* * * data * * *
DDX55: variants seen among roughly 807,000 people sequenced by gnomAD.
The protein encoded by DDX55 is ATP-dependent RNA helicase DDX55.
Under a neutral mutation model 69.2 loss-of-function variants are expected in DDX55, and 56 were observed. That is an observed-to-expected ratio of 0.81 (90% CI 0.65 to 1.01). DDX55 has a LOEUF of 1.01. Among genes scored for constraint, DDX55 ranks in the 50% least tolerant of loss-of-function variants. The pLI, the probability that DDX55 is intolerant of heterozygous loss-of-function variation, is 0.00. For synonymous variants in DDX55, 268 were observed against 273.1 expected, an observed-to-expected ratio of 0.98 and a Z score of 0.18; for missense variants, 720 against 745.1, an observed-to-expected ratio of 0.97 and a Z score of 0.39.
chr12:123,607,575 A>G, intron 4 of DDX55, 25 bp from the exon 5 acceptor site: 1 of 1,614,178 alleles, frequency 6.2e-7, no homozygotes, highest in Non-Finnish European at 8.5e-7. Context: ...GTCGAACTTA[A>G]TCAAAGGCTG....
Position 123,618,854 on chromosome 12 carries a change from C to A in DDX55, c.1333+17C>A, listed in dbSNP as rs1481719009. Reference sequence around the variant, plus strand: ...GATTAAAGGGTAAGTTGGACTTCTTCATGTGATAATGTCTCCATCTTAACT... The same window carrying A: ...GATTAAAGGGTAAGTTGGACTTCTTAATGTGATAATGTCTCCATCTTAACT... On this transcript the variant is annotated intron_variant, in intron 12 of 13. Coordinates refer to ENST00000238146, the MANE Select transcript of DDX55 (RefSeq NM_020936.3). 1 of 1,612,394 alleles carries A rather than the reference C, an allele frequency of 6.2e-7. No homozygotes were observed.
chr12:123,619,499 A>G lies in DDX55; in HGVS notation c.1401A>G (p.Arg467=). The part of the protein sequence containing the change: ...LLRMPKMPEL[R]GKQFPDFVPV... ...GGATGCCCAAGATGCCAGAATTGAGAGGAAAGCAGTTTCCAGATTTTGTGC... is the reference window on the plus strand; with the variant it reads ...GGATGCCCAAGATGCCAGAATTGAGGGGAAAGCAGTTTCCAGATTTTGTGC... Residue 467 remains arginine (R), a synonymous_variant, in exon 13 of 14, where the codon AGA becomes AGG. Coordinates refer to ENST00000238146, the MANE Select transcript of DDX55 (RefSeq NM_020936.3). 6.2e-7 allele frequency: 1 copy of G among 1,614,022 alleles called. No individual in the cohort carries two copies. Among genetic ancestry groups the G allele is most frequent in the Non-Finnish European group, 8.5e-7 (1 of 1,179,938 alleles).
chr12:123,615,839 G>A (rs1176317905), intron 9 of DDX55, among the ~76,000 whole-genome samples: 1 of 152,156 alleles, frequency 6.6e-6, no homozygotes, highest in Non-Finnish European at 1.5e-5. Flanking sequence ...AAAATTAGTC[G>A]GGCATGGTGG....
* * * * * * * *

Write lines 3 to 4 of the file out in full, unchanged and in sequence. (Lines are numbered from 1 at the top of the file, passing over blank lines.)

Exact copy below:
Under a neutral mutation model 69.2 loss-of-function variants are expected in DDX55, and 56 were observed. That is an observed-to-expected ratio of 0.81 (90% CI 0.65 to 1.01). DDX55 has a LOEUF of 1.01. Among genes scored for constraint, DDX55 ranks in the 50% least tolerant of loss-of-function variants. The pLI, the probability that DDX55 is intolerant of heterozygous loss-of-function variation, is 0.00. For synonymous variants in DDX55, 268 were observed against 273.1 expected, an observed-to-expected ratio of 0.98 and a Z score of 0.18; for missense variants, 720 against 745.1, an observed-to-expected ratio of 0.97 and a Z score of 0.39.
chr12:123,607,575 A>G, intron 4 of DDX55, 25 bp from the exon 5 acceptor site: 1 of 1,614,178 alleles, frequency 6.2e-7, no homozygotes, highest in Non-Finnish European at 8.5e-7. Context: ...GTCGAACTTA[A>G]TCAAAGGCTG....